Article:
How to Have a ‘Pee-Free’ Home

How to Have a ‘Pee-Free’ Home
In this article based on Karen Pryor’s work, you’re going to learn how to quickly
potty train your dog. For a lot of dog owners, potty training can be very
frustrating but it doesn’t have to be. Simply follow these tips.
Whether you have a new puppy, who is just starting his potty training or you
have an older dog that you have just adopted or rescued, you’ll learn a short,
simple process for teaching, or re-teaching, your dog to be fully house trained in
a very short period of time.
We’ll discuss the reasons most dogs fail to become potty trained, and how to
avoid the pitfalls all together and if needed, you’ll learn how to quickly re-teach
your dog the new potty-training rules of your house.
You’ll learn some realistic expectations about how long it should take you to fully
potty train your dog. This way, you won’t get discouraged by thinking your dog
should be fully house trained after only working with your dog for a week.
So, let’s get started.
Here are some expectations you can realistically have for how long it will take
you to potty train your dog.
For a puppy: Puppies do not have fully developed bladder muscles until
they’re at least 4-6 months old. So, depending on how old your puppy is,
it’s unrealistic to expect your dog to be potty trained before this time.
If properly trained, you should be able to have your puppy potty trained
by six months of age. Some puppies may be potty trained at four months
by following these guidelines.
For Adult Dogs: If your dog is older than six months old, it’s got a bladder
that is fully capable of holding it, so lucky for you, you should be able to
fully potty train your dog in less than 30 days by following this program.
And you might just find your dog may potty train in as quickly as 10-14
The MOST important rule for potty training:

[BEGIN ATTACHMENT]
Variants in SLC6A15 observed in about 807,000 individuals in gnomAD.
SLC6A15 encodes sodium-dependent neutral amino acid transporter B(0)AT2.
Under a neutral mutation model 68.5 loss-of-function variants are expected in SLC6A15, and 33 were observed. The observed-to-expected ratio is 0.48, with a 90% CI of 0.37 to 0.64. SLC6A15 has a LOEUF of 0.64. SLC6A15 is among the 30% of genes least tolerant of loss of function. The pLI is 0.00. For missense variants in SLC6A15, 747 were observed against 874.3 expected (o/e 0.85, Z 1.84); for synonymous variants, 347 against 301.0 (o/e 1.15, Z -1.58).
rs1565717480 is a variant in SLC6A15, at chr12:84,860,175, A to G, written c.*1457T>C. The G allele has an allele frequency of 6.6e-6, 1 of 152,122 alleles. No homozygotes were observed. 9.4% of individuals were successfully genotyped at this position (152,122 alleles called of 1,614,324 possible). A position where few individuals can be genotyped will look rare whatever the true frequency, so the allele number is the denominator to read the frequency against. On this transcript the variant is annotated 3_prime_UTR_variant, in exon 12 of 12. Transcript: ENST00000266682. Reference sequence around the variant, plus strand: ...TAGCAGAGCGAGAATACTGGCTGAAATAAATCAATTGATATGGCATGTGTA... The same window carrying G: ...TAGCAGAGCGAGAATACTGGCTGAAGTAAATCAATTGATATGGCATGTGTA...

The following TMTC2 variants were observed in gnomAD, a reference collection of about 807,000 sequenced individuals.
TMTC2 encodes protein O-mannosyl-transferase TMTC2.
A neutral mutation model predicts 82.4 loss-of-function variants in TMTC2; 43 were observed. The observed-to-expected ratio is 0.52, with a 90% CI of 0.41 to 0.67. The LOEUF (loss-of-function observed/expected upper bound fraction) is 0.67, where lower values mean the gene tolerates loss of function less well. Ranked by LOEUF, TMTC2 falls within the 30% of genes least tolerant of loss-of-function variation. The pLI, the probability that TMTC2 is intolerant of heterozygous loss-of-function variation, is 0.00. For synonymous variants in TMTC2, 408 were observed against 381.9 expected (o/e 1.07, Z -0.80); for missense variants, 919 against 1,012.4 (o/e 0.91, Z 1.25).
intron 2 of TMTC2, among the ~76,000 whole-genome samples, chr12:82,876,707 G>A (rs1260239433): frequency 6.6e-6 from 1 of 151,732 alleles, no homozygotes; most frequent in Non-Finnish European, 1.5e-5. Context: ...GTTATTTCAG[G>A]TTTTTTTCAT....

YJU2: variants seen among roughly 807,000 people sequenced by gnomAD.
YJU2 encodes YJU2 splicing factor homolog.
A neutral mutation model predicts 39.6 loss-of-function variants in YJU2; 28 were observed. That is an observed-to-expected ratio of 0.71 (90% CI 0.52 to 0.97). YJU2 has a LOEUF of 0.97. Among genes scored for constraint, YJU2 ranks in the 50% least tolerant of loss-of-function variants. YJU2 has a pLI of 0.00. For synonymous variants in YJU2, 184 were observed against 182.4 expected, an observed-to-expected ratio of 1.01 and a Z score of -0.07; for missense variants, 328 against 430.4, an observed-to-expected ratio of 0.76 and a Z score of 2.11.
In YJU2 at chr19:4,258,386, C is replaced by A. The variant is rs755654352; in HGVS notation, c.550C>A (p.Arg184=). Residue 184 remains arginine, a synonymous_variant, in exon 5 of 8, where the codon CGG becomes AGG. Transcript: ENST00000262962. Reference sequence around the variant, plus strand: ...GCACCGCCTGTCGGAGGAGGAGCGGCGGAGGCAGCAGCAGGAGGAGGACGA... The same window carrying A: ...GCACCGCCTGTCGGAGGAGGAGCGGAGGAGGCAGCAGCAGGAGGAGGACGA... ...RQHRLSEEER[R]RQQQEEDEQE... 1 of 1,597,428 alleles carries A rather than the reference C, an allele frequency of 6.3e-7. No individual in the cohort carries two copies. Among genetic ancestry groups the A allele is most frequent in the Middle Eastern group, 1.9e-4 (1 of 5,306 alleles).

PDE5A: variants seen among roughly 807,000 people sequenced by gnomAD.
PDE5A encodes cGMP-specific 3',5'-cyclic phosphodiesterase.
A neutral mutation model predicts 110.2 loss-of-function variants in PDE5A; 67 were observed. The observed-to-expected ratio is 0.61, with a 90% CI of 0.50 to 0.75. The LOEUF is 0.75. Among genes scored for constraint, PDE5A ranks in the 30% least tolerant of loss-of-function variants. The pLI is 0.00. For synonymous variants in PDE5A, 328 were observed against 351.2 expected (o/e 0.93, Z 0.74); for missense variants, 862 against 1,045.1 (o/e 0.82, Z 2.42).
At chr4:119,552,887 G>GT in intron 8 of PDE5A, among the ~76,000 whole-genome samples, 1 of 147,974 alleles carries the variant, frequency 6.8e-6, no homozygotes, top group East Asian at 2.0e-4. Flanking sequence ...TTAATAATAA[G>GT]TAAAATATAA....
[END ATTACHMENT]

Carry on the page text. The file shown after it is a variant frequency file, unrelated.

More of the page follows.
Your dog will make mistakes, and you will NEED to use a carpet cleanser, that is
designed specifically for removing dog urine, for this program to work for you. If
your dog pees all over your house and it is not cleaned up properly, that old
urine smell will act like a Homing Beacon every time your dog smells it. Dogs
have a reflex that triggers them to go on spots they’ve peed on before, so failing
to clean up messes and remove all odors will make it nearly impossible to potty
train your dog. Vinegar and some of the oxy clean products do a good job at
removing all trace odors of urine. Read labels and select the best product for
your home.
If you’re reading this and realizing that you haven’t done a good job of cleaning
up past accidents, please consider having your carpets shampooed or re-clean
old urine stains as best as you can. It’ll make your progress go MUCH faster.
Concept #1: Why Your Dog Isn’t Potty Trained ~ the Rental Car
In order to know how to successfully potty train your dog, you need to
understand that dogs have a sort of reflex, or instinct, that makes them not pee
or poop in their own territory.
In short, if they think it’s theirs, they won’t soil it.
But, the really strange part about this instinct or reflex is that if they know
something is NOT theirs and it belongs to someone else’s, they WILL! Which,
unfortunately, means in their mind it they soil it then that acts to mark it as their
Animal Rescue Team Tips
One trainer likens this to a ‘Rental Car Agreement’. Read on…
What do people instinctively do when they get into a nice, new rental car?
They drive it hard and they park it too close to other cars where it might get
dinged. They’ll peel out the tires and do essentially whatever they want with the
rental car.
But, if that car was their own, and they were just driving it off the lot, would their
behavior be the same?
Of course not!
We treat it with respect because it’s ours.
Well, that’s a lot like your dog treats your carpet. If your dog thinks that the
carpet in your home is inside his territory he’ll treat it with respect, as if it were his